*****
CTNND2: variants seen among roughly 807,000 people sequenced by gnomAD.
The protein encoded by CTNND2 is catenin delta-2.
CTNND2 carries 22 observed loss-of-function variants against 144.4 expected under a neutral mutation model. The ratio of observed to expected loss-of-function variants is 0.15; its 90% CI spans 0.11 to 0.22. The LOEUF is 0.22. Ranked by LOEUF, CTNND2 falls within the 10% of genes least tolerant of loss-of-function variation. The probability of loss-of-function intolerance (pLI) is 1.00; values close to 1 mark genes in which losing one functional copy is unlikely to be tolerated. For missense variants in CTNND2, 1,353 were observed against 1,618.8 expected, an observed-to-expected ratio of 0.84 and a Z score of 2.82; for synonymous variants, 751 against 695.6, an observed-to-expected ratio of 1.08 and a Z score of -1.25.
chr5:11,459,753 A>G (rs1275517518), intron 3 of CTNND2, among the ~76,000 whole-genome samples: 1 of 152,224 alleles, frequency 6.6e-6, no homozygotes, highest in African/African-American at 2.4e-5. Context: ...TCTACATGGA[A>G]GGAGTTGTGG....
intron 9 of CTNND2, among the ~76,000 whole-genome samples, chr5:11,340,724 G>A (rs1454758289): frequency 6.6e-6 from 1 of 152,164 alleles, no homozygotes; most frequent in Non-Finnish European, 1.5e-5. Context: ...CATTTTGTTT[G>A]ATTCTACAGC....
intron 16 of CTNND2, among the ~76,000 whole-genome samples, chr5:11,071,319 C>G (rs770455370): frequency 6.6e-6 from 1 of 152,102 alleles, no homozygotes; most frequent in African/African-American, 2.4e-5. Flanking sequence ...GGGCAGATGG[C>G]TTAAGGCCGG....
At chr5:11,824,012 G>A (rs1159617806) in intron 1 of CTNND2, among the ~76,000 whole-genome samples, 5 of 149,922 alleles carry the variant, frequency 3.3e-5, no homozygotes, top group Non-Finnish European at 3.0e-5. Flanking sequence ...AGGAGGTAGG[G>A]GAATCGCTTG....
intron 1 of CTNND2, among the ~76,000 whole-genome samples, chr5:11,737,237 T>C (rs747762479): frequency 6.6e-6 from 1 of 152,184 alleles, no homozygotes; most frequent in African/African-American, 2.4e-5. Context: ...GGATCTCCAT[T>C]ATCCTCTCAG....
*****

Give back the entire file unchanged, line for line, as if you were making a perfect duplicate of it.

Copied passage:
CTNND2: variants seen among roughly 807,000 people sequenced by gnomAD.
The protein encoded by CTNND2 is catenin delta-2.
CTNND2 carries 22 observed loss-of-function variants against 144.4 expected under a neutral mutation model. The ratio of observed to expected loss-of-function variants is 0.15; its 90% CI spans 0.11 to 0.22. The LOEUF is 0.22. Ranked by LOEUF, CTNND2 falls within the 10% of genes least tolerant of loss-of-function variation. The probability of loss-of-function intolerance (pLI) is 1.00; values close to 1 mark genes in which losing one functional copy is unlikely to be tolerated. For missense variants in CTNND2, 1,353 were observed against 1,618.8 expected, an observed-to-expected ratio of 0.84 and a Z score of 2.82; for synonymous variants, 751 against 695.6, an observed-to-expected ratio of 1.08 and a Z score of -1.25.
chr5:11,459,753 A>G (rs1275517518), intron 3 of CTNND2, among the ~76,000 whole-genome samples: 1 of 152,224 alleles, frequency 6.6e-6, no homozygotes, highest in African/African-American at 2.4e-5. Context: ...TCTACATGGA[A>G]GGAGTTGTGG....
intron 9 of CTNND2, among the ~76,000 whole-genome samples, chr5:11,340,724 G>A (rs1454758289): frequency 6.6e-6 from 1 of 152,164 alleles, no homozygotes; most frequent in Non-Finnish European, 1.5e-5. Context: ...CATTTTGTTT[G>A]ATTCTACAGC....
intron 16 of CTNND2, among the ~76,000 whole-genome samples, chr5:11,071,319 C>G (rs770455370): frequency 6.6e-6 from 1 of 152,102 alleles, no homozygotes; most frequent in African/African-American, 2.4e-5. Flanking sequence ...GGGCAGATGG[C>G]TTAAGGCCGG....
At chr5:11,824,012 G>A (rs1159617806) in intron 1 of CTNND2, among the ~76,000 whole-genome samples, 5 of 149,922 alleles carry the variant, frequency 3.3e-5, no homozygotes, top group Non-Finnish European at 3.0e-5. Flanking sequence ...AGGAGGTAGG[G>A]GAATCGCTTG....
intron 1 of CTNND2, among the ~76,000 whole-genome samples, chr5:11,737,237 T>C (rs747762479): frequency 6.6e-6 from 1 of 152,184 alleles, no homozygotes; most frequent in African/African-American, 2.4e-5. Context: ...GGATCTCCAT[T>C]ATCCTCTCAG....